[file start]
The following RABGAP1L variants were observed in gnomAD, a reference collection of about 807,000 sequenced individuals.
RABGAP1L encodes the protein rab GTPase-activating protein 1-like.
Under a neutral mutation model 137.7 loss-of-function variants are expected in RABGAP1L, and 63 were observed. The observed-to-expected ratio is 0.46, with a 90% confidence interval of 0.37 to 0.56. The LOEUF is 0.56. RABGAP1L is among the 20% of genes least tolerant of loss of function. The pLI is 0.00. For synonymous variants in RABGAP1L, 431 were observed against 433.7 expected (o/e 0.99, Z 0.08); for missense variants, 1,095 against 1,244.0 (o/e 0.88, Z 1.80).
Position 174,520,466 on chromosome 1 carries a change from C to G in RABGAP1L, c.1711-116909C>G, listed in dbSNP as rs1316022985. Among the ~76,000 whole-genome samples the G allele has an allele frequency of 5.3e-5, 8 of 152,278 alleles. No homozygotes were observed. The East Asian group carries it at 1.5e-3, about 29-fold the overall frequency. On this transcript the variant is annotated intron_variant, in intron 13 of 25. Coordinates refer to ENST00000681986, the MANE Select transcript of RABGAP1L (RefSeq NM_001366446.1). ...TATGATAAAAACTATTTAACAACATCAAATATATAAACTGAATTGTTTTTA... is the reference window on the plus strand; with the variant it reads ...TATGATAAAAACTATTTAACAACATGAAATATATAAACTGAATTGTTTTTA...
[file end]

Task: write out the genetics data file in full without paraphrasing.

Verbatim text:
The following RABGAP1L variants were observed in gnomAD, a reference collection of about 807,000 sequenced individuals.
RABGAP1L encodes the protein rab GTPase-activating protein 1-like.
Under a neutral mutation model 137.7 loss-of-function variants are expected in RABGAP1L, and 63 were observed. The observed-to-expected ratio is 0.46, with a 90% confidence interval of 0.37 to 0.56. The LOEUF is 0.56. RABGAP1L is among the 20% of genes least tolerant of loss of function. The pLI is 0.00. For synonymous variants in RABGAP1L, 431 were observed against 433.7 expected (o/e 0.99, Z 0.08); for missense variants, 1,095 against 1,244.0 (o/e 0.88, Z 1.80).
Position 174,520,466 on chromosome 1 carries a change from C to G in RABGAP1L, c.1711-116909C>G, listed in dbSNP as rs1316022985. Among the ~76,000 whole-genome samples the G allele has an allele frequency of 5.3e-5, 8 of 152,278 alleles. No homozygotes were observed. The East Asian group carries it at 1.5e-3, about 29-fold the overall frequency. On this transcript the variant is annotated intron_variant, in intron 13 of 25. Coordinates refer to ENST00000681986, the MANE Select transcript of RABGAP1L (RefSeq NM_001366446.1). ...TATGATAAAAACTATTTAACAACATCAAATATATAAACTGAATTGTTTTTA... is the reference window on the plus strand; with the variant it reads ...TATGATAAAAACTATTTAACAACATGAAATATATAAACTGAATTGTTTTTA...